The editor and I started making small talk and the friendly locals nearby overheard us and recognized us as Americans and, entertaining no hard feelings, joined in, welcoming us to their turf. They were Harmony and Gadget.

Harmony reminded me of my wife and her friends, same tribe, she was fetching, young for her age, yoga-toned, sun-browned from nearly constant gardening and outdoor work. Her hands showed it, the nails trimmed short in the way of industrious mountain girls. She wore a breezy India-print skirt and slinky tank top. A hint of refined mischief inhabited her eyes. She had a lust for life.

Gadget was a talker and, turned out, a talking machine, and that started to worry me because I know what that can lead to in this part of the world. The art of conversation isn’t dead in the lonesome northern reaches, and sometimes it gets people excited and the talk turns to nefarious action. I sensed trouble, but the editor was really warming up to Gadget and they talked and talked while I flirted with sweet Harmony, secretly fretting about the direction things were liable to go in. The people of eastern B.C. really do have too much time on their hands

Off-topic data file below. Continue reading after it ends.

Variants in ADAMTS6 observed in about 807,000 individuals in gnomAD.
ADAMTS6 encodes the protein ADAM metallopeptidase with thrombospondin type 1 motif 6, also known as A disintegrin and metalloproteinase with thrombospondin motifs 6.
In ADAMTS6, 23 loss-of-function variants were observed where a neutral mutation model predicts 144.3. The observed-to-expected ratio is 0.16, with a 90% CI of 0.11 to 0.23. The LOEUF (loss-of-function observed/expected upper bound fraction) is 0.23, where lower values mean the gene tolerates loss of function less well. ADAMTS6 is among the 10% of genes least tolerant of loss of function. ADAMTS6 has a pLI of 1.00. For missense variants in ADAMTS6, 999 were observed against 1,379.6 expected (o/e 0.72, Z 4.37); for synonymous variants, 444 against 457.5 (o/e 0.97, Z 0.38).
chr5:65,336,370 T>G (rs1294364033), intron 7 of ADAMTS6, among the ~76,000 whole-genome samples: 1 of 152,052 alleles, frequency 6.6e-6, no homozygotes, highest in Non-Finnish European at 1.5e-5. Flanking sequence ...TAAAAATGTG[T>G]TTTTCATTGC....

Among a lot of other things we learned about Gadget, he played guitar. “Hey, either of you guys play guitar?” The editor shook is head. And, foolishly, I said: “A little.”

“O man!” Gadget kicked the excitement up a notch.  “You have got to meet Johnny Hurricane! He pointed to a weathered, cedar false-front across the street. “C’mon! Me and Harmony are on our way over there, you guys come with us. You’ll love it.”

The situation was unraveling swiftly, getting away from me, and I protested – “Uh… we’re supposed to be fishing…” But it was no use because they were up and on their way with the overly-compliant editor blithely in tow.

Johnny Hurricane lived upstairs in the old building that had been a mercantile in olden times. Downstairs, a sizeable room, once the store, had been converted to a combination local hang-out spot with a small stage for Saturday night jams, a guitar shop with a work bench for repairs, and a sort of guitar museum. The walls were decorated with an assortment of valuable old guitars, paintings by local artists, and the jackets of old blues albums. A pool table dominated one corner of the room, close by an assortment of upholstered Victorian chairs and couches where a handful of locals lounged smoking reefers. There was a lot of smoke.

It was too late. We were already down the rabbit-hole as soon as we walked through the door. The fishing trip had come to this… this den of hedonism, and I gave up any chance of ever having anything I wrote accepted by The Journal – after this.

A couple of well-fed, hand-polished cats lay curled like hothouse orchids on one of the couches. Harmony walked over and picked up one of the kitties, snuggled it, kissed it on the mouth and sat down with it on her lap, then fished around in her bag and drew out a spliff as big as a cigar and lit it.